Why Anthony Bourdain loves doing 'The Taste'
The cooking competition "The Taste" returns tonight to ABC for its third season. The series introduced blind tasting of food to reality competitions--judges don't know whose food they're eating or even what's in the dish. It also brought Anthony Bourdain to a big, bright, glossy ABC reality show.
The star of Travel Channel's Emmy-winning "No Reservations" and now CNN's "Parts Unknown" seems like perhaps the last person to gravitate to a "The Voice"-like competition for food, but when we talked Wednesday, one day before he was heading to Madagascar for "Parts Unknown," he was clearly, unabashedly enthusiastic about the series, which he also executive produces.
When I asked about whether skeptical fans have now warmed to "The Taste" and his participation, Bourdain said, "I honestly don't think about. It's always a quality of life issue for me. Am I having fun? Am I working with people I like? It is it interesting to me? I very much understand that a big network competitive reality show is not going to appeal to a certain number of people who really like Kitchen Confidential or are fans of 'Parts Unknown'. I'm a guy with a lot of interests. As I've said before, this bus makes many stops; I don't expect everybody to get off on all of them."
"What I hope comes through in the show is how much fun we're having, how invested we are in the contestants very quickly," Bourdain added. "Very quickly we bond with not just the people on our teams, but you start to take a real interest and concern in some cooks on the rival teams who presumably we shouldn't care about, but we do. We all become very involved in the game and our passionate discussions and even arguments continue long after the work day's over."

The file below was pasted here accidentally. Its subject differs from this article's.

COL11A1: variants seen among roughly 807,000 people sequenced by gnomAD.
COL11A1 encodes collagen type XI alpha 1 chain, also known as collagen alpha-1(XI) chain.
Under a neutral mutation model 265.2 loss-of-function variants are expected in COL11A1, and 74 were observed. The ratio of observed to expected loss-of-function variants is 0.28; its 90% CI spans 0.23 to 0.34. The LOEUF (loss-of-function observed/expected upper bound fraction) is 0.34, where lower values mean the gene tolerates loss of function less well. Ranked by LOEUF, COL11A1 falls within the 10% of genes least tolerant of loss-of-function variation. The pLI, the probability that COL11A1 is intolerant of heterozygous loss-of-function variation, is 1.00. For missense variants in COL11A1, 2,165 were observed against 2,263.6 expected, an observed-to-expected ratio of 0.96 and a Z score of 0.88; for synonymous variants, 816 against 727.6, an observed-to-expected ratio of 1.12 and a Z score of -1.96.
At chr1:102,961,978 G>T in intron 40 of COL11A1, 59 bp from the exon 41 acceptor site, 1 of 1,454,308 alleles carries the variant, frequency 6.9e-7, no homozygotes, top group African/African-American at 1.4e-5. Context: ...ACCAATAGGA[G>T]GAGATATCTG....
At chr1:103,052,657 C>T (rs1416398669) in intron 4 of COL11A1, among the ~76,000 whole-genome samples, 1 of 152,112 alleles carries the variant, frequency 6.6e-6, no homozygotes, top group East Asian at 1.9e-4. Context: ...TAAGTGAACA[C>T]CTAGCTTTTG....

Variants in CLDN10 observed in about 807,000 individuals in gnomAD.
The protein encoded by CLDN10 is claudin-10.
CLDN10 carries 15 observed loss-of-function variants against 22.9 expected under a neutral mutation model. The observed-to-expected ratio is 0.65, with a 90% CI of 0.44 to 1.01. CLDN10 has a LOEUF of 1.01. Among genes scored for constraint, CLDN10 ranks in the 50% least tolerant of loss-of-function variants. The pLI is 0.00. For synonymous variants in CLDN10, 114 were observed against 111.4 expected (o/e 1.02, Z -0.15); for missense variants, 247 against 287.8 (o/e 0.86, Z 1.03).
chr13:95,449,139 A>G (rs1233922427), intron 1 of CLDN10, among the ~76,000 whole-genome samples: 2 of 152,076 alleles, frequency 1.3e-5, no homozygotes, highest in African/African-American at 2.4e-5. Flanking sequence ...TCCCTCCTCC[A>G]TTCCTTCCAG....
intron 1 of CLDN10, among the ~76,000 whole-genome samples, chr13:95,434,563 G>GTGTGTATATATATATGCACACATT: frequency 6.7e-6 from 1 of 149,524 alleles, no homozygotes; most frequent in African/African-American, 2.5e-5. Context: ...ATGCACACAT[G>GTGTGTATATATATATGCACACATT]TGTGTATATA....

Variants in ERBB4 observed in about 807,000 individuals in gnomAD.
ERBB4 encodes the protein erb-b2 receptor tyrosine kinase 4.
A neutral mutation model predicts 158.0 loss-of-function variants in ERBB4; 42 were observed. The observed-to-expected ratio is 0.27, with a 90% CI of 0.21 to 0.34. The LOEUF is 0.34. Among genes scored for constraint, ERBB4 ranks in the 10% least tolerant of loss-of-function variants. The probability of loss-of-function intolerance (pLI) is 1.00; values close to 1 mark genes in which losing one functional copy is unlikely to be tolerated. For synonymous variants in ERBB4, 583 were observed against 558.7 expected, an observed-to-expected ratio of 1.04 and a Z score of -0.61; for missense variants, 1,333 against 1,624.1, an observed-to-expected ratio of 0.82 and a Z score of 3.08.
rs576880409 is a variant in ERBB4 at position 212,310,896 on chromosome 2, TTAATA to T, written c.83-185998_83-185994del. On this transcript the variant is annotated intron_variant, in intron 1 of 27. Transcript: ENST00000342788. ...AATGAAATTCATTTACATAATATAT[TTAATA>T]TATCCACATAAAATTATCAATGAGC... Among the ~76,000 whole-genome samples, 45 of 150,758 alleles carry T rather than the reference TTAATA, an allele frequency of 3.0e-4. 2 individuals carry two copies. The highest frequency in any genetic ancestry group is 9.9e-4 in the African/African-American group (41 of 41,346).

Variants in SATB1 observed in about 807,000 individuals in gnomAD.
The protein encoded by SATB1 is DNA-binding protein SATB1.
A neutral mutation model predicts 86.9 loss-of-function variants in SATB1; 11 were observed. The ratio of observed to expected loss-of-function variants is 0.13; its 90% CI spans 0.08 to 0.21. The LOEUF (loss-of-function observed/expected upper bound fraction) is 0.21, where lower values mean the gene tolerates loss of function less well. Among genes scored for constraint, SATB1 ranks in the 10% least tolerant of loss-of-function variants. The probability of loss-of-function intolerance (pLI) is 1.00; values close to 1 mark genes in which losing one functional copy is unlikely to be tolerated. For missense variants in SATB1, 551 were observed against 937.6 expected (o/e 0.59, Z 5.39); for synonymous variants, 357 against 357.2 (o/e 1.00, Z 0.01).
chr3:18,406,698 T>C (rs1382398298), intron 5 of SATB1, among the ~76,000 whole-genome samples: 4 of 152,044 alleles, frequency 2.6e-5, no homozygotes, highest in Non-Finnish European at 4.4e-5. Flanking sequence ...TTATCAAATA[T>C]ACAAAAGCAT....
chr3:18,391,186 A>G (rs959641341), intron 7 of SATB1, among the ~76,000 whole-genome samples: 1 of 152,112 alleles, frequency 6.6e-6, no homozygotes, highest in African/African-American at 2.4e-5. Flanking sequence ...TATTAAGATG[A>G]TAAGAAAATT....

For season two, the show fired "Top Chef" Brian Malarkey and replaced him with Marcus Samuelsson, and that, along with several other changes, improved the show significantly.
Bourdain acknowledged the difference, saying, "everybody clicked so much last year" and said "it really is like going away to chef camp" for the four judge/mentors, who "continue talking about how things are going with the game after the cameras stop rolling," he said. "That conversation continues if we go out for Korean barbecue, or Vietnamese, or Mexican, or wherever we're eating in Los Angeles. It's like slipping back into a warm bath for us."
Since season one, Bourdain's friend Nigella Lawson has been a mentor and judge, and together they also serve as executive producers. "Our principal concern is and always was a general shaping of the challenges," he told me. "That they wouldn't be silly or novelty challenges, they would have an application in the real world, that they would reflect our own natures and experiences. They wouldn't be nonsensical."
Interview continued on page 2.